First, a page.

Several of us met at the Rivers Eatery on March 2 to discuss The Sixth Extinction: An Unnatural History by Elizabeth Kolbert.
|Shop Redbery Books|
Celebrate Small Business Saturday at Redbery on November 25th!
* Save 15% Storewide
* Free Redbery bookmark with each book purchase
* Choose a delectable bite size B.T. McElrath chocolate with a $25 purchase
Seven book group members braved the bitter cold and lack of pizza (The Rivers was unexpectedly closed) to discuss Bill Bryson’s In a Sunburned Country and select next year’s reads. Fortunately, the lack of pizza was compensated for with free beer (complements of Irv and John), which helped lubricate the conversation. The donated beer did not give Irv and John a leg up in the next year’s book selection process, but was greatly appreciated.
The Men’s Book Group read a dozen books last year, equally divided between fiction and non-fiction. And, perhaps for the first time, books of fiction won the top two positions––13 points each for Giants in the Earth by O.E. Rolvaag and That Distant Land by Wendell Berry.
Seven of us met at the Rivers in December to discuss Wendell Berry’s collection of short stories, That Distant Land. Berry’s book is a compilation of 23 short stories, all taking place in or around a fictional, small, Kentucky river town called Port William. Throughout the book, the characters are interlinked from story to story by kinship, friendship, and/or membership in the community.
Seven of us met at that the Rivers to discuss Charles Mann’s 1493, his sequel to the well-received 1491. Mann is ambitious; he takes on nothing less than the roots and consequences of globalization and does so from the perspectives of historian, economist, and sociologist.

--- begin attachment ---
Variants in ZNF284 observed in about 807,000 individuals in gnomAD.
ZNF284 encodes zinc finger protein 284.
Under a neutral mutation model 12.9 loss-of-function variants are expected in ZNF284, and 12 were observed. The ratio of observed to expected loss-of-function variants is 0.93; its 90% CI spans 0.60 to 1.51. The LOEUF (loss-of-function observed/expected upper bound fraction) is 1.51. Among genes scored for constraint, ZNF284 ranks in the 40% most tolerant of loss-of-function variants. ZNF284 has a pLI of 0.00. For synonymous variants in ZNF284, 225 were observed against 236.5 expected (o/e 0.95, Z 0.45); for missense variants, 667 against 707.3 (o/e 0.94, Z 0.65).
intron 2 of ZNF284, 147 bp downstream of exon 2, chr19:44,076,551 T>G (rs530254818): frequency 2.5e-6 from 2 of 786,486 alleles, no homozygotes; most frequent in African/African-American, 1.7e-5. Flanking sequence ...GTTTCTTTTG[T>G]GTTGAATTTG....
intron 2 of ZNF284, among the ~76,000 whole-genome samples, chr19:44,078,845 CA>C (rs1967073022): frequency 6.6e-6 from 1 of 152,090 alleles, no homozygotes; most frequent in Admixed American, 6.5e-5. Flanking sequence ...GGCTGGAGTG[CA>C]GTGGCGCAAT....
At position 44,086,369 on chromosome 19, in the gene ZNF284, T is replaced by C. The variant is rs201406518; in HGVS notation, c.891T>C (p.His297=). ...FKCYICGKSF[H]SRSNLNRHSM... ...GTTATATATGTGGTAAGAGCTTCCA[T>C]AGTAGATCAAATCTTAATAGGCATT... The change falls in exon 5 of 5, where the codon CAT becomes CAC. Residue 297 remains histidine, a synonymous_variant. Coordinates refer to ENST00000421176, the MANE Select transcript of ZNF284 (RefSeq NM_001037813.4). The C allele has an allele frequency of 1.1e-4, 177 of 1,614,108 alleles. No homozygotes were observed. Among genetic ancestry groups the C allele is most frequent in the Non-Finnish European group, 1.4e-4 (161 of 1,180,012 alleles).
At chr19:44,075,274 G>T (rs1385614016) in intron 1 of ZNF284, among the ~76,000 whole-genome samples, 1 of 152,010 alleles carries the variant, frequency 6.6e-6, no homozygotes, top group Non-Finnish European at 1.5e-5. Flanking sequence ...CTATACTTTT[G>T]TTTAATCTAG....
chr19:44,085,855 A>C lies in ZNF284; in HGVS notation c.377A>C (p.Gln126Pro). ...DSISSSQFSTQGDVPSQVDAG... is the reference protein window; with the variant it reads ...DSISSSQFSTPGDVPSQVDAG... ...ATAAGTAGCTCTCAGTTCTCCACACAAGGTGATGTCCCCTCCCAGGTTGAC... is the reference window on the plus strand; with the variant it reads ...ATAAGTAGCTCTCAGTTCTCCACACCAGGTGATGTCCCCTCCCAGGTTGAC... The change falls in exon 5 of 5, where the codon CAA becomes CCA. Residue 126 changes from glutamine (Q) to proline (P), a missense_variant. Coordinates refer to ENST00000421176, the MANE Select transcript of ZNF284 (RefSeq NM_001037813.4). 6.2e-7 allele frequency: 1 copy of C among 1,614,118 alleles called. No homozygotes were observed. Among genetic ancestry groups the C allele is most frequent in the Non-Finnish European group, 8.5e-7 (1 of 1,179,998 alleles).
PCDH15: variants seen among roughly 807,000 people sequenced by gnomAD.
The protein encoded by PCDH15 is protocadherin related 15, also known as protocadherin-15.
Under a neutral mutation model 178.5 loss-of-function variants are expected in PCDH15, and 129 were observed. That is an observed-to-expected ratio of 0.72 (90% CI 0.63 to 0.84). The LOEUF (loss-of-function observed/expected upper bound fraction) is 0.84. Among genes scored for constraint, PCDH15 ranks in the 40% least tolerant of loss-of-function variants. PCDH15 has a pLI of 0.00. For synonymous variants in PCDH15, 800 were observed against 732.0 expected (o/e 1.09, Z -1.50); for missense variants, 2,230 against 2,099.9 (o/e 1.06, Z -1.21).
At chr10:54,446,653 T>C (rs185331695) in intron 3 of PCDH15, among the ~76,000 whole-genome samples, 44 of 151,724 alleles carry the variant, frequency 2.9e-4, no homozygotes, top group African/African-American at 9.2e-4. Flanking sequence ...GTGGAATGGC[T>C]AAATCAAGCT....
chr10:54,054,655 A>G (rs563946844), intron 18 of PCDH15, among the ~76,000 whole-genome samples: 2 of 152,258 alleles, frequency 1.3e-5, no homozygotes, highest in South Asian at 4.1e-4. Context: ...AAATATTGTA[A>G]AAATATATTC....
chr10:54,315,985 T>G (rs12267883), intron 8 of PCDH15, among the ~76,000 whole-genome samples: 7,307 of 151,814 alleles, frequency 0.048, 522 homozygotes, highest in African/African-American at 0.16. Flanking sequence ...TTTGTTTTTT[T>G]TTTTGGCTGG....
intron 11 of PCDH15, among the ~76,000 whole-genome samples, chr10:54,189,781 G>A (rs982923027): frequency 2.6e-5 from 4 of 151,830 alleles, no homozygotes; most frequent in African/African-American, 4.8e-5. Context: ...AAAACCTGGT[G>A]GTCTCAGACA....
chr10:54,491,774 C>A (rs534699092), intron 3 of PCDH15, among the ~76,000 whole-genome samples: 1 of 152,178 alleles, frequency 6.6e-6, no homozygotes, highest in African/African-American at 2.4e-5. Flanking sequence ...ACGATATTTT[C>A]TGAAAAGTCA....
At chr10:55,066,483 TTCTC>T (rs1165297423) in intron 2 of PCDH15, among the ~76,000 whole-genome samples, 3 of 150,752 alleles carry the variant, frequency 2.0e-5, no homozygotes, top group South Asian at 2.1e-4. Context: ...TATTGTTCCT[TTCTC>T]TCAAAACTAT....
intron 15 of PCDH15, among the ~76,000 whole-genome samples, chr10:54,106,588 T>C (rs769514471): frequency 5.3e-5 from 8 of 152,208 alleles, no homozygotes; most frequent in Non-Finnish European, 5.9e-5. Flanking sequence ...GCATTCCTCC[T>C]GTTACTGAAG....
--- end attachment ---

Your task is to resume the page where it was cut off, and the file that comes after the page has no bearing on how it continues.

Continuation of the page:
A small but enthusiastic group of members met on October 6th to discuss the book, Grandma Gatewood’s Walk.
Ron, Angelo, Raye, Chuck, Art, John Hand, Irv, and Adrian gathered on August 4th to review the book The Burglary: The Discovery of J. Edgar Hoover’s Secret FBI by Betty Medsger. We generally enjoyed the book and found it an interesting period through which we lived, but did not know enough about. This is the story of a group of people who robbed an FBI office, made files available to the media, the subsequent attempts by the FBI to capture the robbers, and the aftermath of the revelations that the FBI was spying on Americans.
Several of us met at the Rivers Eatery on July 7, 2016, to discuss Tinkers by Paul Harding. Those in attendance included John Sill, Art, Mark, Irv, Ed, and Adrian. The book examines the thoughts and surroundings of a dying man as he reflects on his life, the life of his father, and the life of his father’s father. The author went back and forth between third person and first person narrations and sometimes it was confusing who was speaking. I think we all found the book interesting, but had mixed feelings about it.
Attendees were Adrian, Ed, Ted, Jack, John Hand, Ray, Chuck, Angelo, Mark, and Bill. Irv wanted to be there, but the trout were biting in Idaho and he couldn’t leave; but he sent his scores in for consideration.
Reported by Jack Wichita
Nine of us met at the Rivers Eatery to discuss The Guernsey Literary and Potato Peel Pie Society, and the book, recommended by Ron, was well received by the group. In general, folks liked the characters, thought the writing was clear and expressive, and the romantic story line was enjoyable and not too sappy, as some critics have complained. But the real payoff was the setting and period: the Island of Guernsey––one of the British Channel Islands located between England and France––immediately after WWII.